Difference between types of religious?


#1

I am still so ignorant about the different types of religious.

Nun, sister, brother, monk...

How can I learn about the differences between these names?:shrug::blush:


#2

Hi Mommamaree,

Are you interested in learning about the specific types (like what differentiates a monk from a friar, an Abbot from a Prior, etc.) or types of religious orders (Jesuits, Franciscans, etc.)?

I would suggest you can find some high level information simply by searching Wikipedia:

en.wikipedia.org/wiki/Nun
en.wikipedia.org/wiki/Monk (Roman Catholic monk is mid-way down)

If you want better information you can also look up the Catholic encyclopedia newadvent.org/cathen/

newadvent.org/cathen/11164a.htm
newadvent.org/cathen/10487b.htm

Hope this helps you.

God Bless!


#3

Thanks! I will check out these links. Are the Wickipedia ones trustworthy sources, IYO?


#4

When it comes to the men, I am always confused, but for the women here’s the deal-

All women religious are sisters, but not all sisters are nuns
.
The difference- a “sister” would live/minister/work in the community. She could be a teacher, nurse, social worker, etc. She would still be part of a religious community, and may or may not live with other sisters, but would be “obligated” to pray according to the charism of the order.

A “nun” (who is called ‘Sister’, which is why this is so confusing! :whacky:), is someone who “leaves” the world and lives in a cloister. Nuns live lives of prayer & contemplation, not so much in ways of “service”, except to each other in the convent.

So, to sum up, all nuns are sisters, but not all sisters are nuns!! :slight_smile:


#5

Gotcha! Thanks.

A further question, then…

How would I know the difference between nun and sister? Would I ever see a nun in public? Or would they remain within the walls of their cloister, or whatever it is called?


#6

[quote="mommamaree, post:1, topic:308710"]
I am still so ignorant about the different types of religious.

Nun, sister, brother, monk...

How can I learn about the differences between these names?:shrug::blush:

[/quote]

Don't feel bad! I admit to being somewhat ignorant myself. I think the average Catholic is.


#7

[quote="mommamaree, post:5, topic:308710"]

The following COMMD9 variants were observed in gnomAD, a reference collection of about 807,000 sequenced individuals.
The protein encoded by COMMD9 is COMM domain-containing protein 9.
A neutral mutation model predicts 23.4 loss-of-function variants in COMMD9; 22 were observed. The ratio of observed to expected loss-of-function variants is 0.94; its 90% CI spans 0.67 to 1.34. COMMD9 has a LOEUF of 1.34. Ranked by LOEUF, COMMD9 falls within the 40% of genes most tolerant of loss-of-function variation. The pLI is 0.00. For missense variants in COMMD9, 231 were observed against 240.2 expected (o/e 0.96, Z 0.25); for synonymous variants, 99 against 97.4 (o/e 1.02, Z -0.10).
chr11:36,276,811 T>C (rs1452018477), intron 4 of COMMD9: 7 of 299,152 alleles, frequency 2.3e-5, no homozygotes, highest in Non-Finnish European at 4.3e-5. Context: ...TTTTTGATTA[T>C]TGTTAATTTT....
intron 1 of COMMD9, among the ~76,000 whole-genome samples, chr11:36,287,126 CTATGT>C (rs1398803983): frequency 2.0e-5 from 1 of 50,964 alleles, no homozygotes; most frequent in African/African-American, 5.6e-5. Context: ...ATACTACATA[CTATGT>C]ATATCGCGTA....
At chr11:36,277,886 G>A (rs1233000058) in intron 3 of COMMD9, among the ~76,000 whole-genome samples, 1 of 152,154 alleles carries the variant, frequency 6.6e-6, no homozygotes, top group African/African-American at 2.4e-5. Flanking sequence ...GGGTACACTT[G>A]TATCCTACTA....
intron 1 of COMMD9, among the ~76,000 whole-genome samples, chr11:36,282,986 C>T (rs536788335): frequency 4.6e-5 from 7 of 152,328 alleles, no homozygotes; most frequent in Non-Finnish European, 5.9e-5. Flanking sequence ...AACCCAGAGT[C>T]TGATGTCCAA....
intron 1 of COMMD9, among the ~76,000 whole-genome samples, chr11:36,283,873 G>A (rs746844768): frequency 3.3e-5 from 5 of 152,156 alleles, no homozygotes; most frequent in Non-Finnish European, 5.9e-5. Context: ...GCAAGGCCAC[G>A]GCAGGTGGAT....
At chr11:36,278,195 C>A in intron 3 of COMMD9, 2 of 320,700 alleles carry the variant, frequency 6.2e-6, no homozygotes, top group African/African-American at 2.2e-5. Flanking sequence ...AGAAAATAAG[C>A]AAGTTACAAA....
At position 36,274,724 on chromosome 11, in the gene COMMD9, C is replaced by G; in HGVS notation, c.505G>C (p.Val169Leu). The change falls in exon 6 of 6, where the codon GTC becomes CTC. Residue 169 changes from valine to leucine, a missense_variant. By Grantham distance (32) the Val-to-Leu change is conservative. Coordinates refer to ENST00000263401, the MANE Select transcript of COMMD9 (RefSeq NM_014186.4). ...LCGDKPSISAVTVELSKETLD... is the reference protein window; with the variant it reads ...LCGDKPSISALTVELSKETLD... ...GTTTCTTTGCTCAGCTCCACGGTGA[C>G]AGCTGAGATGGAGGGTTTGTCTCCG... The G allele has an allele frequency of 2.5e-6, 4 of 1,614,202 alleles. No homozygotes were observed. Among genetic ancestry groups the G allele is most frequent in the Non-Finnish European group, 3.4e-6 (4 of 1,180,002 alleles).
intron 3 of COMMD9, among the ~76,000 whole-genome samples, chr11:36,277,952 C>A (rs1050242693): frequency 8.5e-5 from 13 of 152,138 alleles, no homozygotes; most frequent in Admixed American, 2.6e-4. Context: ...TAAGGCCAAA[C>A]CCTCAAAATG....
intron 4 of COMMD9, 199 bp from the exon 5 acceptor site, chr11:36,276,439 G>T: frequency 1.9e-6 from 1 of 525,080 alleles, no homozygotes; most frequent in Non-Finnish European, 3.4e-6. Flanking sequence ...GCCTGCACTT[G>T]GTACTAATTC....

Gotcha! Thanks.

A further question, then....

How would I know the difference between nun and sister? Would I ever see a nun in public? Or would they remain within the walls of their cloister, or whatever it is called?

[/quote]

They would remain in the cloister. They only leave to receive medical care or other types of emergencies. So if you see a sister anywhere, chances are she's a sister, not a nun.


#8

[quote="mommamaree, post:5, topic:308710"]
Gotcha! Thanks.

A further question, then....

How would I know the difference between nun and sister? Would I ever see a nun in public? Or would they remain within the walls of their cloister, or whatever it is called?

[/quote]

[quote="anp1215, post:7, topic:308710"]
They would remain in the cloister. They only leave to receive medical care or other types of emergencies. So if you see a sister anywhere, chances are she's a sister, not a nun.

[/quote]

anp1215 is correct. You, more than likely, *would not *see a "nun" out in the community.


#9

[quote="Oneofthewomen, post:4, topic:308710"]
When it comes to the men, I am always confused, but for the women here's the deal-

All women religious are sisters, but not all sisters are nuns
.
The difference- a "sister" would live/minister/work in the community. She could be a teacher, nurse, social worker, etc. She would still be part of a religious community, and may or may not live with other sisters, but would be "obligated" to pray according to the charism of the order.

A "nun" (who is called 'Sister', which is why this is so confusing! :whacky:), is someone who "leaves" the world and lives in a cloister. Nuns live lives of prayer & contemplation, not so much in ways of "service", except to each other in the convent.

So, to sum up, all nuns are sisters, but not all sisters are nuns!! :)

[/quote]

Among others, I was instructed in Catholic schools by Ursuline Sisters. Their website theursulines.org/ identifies the Ursulines as "nuns". Their mission is to serve the Catholic community in many external ways. I guess I'm confused by your distinctions.


#10

[quote="Tampa_Dave, post:9, topic:308710"]
Among others, I was instructed in Catholic schools by Ursuline Sisters. Their website theursulines.org/ identifies the Ursulines as "nuns". Their mission is to serve the Catholic community in many external ways. I guess I'm confused by your distinctions.

[/quote]

I can see where this might be confusing, especially when the 2 words have been use intechagably for years.

I recevied my explanation from a SSJ when I was discerning whether or not to join as as "associate". Actually, I was "corrected" when I said I always wanted to be a "nun" when I was younger. Sister asked me how many "nuns" I knew and had any experience with, since most of them lived in cloisters. She then went on to explain the difference.

In my community, we have many "sisters", who are very visible in their community outreach. We also have a cloister of Carmelite nuns, whom I have only seen, through the grate, when I attend Mass at their convent.


#11

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